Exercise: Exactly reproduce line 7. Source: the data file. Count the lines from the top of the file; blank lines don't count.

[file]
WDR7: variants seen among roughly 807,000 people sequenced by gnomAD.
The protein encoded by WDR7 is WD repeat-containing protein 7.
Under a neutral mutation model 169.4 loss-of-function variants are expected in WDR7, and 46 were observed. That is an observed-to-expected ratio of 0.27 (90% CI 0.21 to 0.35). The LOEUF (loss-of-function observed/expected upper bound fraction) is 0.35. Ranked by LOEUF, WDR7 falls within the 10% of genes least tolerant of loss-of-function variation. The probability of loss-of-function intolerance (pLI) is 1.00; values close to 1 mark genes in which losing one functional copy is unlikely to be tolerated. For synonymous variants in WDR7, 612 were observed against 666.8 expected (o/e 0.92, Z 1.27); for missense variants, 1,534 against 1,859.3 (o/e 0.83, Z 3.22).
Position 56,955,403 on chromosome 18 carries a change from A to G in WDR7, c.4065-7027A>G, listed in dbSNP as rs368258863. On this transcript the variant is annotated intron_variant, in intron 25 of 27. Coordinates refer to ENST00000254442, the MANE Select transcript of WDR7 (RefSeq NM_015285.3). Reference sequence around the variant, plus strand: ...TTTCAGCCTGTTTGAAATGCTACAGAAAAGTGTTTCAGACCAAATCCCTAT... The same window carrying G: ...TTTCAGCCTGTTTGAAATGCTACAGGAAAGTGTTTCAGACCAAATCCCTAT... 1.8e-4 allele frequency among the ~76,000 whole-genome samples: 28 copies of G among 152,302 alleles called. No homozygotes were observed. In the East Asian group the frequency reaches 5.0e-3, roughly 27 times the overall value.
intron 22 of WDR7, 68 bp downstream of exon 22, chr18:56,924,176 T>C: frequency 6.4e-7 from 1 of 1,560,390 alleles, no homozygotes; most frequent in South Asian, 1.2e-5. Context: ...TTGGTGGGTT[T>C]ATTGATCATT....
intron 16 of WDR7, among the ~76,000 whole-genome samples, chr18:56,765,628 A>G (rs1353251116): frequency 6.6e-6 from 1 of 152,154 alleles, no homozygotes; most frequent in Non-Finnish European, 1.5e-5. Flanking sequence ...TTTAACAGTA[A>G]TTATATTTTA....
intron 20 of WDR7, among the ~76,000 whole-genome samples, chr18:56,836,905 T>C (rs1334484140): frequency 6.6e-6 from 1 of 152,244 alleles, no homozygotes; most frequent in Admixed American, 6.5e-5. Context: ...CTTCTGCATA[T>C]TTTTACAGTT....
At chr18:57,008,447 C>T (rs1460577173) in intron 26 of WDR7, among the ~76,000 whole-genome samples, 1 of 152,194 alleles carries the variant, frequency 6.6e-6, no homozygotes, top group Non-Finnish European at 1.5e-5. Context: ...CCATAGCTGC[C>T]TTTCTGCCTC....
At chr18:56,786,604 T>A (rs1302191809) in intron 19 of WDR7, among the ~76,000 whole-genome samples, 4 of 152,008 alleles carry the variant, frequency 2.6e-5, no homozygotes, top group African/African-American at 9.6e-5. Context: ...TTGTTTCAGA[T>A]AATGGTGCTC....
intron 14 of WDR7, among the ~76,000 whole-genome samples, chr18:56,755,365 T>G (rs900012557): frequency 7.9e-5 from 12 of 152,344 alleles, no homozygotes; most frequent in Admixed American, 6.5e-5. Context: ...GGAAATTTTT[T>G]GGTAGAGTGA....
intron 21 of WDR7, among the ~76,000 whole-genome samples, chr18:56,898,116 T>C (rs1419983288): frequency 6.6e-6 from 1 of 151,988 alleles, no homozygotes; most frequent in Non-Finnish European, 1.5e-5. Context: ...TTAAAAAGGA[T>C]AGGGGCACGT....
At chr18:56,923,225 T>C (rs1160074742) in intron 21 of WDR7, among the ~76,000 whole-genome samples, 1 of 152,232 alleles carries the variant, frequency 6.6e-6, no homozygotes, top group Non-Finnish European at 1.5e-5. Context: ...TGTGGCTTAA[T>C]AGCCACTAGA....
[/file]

intron 20 of WDR7, among the ~76,000 whole-genome samples, chr18:56,836,905 T>C (rs1334484140): frequency 6.6e-6 from 1 of 152,244 alleles, no homozygotes; most frequent in Admixed American, 6.5e-5. Context: ...CTTCTGCATA[T>C]TTTTACAGTT....